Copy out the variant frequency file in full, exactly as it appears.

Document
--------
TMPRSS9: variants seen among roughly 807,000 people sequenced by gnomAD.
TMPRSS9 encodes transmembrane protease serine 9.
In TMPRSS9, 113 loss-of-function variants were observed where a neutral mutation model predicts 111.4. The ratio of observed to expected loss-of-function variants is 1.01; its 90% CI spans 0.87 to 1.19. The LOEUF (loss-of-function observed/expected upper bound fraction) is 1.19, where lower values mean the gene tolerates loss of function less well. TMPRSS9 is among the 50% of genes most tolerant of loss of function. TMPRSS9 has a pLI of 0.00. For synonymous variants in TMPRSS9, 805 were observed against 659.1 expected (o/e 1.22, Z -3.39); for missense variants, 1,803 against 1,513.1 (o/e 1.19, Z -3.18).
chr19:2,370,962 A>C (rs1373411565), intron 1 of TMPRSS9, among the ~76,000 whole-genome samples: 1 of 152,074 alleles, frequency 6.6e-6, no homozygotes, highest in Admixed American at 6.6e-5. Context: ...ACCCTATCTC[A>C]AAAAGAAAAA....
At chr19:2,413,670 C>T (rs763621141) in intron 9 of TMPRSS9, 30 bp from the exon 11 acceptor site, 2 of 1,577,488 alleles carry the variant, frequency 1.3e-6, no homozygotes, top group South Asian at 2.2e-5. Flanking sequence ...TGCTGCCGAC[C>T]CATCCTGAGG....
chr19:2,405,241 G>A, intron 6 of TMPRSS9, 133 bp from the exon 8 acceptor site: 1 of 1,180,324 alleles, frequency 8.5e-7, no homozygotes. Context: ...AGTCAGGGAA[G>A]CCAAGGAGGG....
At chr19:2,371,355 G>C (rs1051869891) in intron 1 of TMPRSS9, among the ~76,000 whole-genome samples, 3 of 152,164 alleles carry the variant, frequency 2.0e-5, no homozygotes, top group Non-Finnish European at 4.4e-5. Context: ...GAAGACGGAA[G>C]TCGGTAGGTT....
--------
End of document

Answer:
TMPRSS9: variants seen among roughly 807,000 people sequenced by gnomAD.
TMPRSS9 encodes transmembrane protease serine 9.
In TMPRSS9, 113 loss-of-function variants were observed where a neutral mutation model predicts 111.4. The ratio of observed to expected loss-of-function variants is 1.01; its 90% CI spans 0.87 to 1.19. The LOEUF (loss-of-function observed/expected upper bound fraction) is 1.19, where lower values mean the gene tolerates loss of function less well. TMPRSS9 is among the 50% of genes most tolerant of loss of function. TMPRSS9 has a pLI of 0.00. For synonymous variants in TMPRSS9, 805 were observed against 659.1 expected (o/e 1.22, Z -3.39); for missense variants, 1,803 against 1,513.1 (o/e 1.19, Z -3.18).
chr19:2,370,962 A>C (rs1373411565), intron 1 of TMPRSS9, among the ~76,000 whole-genome samples: 1 of 152,074 alleles, frequency 6.6e-6, no homozygotes, highest in Admixed American at 6.6e-5. Context: ...ACCCTATCTC[A>C]AAAAGAAAAA....
At chr19:2,413,670 C>T (rs763621141) in intron 9 of TMPRSS9, 30 bp from the exon 11 acceptor site, 2 of 1,577,488 alleles carry the variant, frequency 1.3e-6, no homozygotes, top group South Asian at 2.2e-5. Flanking sequence ...TGCTGCCGAC[C>T]CATCCTGAGG....
chr19:2,405,241 G>A, intron 6 of TMPRSS9, 133 bp from the exon 8 acceptor site: 1 of 1,180,324 alleles, frequency 8.5e-7, no homozygotes. Context: ...AGTCAGGGAA[G>A]CCAAGGAGGG....
At chr19:2,371,355 G>C (rs1051869891) in intron 1 of TMPRSS9, among the ~76,000 whole-genome samples, 3 of 152,164 alleles carry the variant, frequency 2.0e-5, no homozygotes, top group Non-Finnish European at 4.4e-5. Context: ...GAAGACGGAA[G>C]TCGGTAGGTT....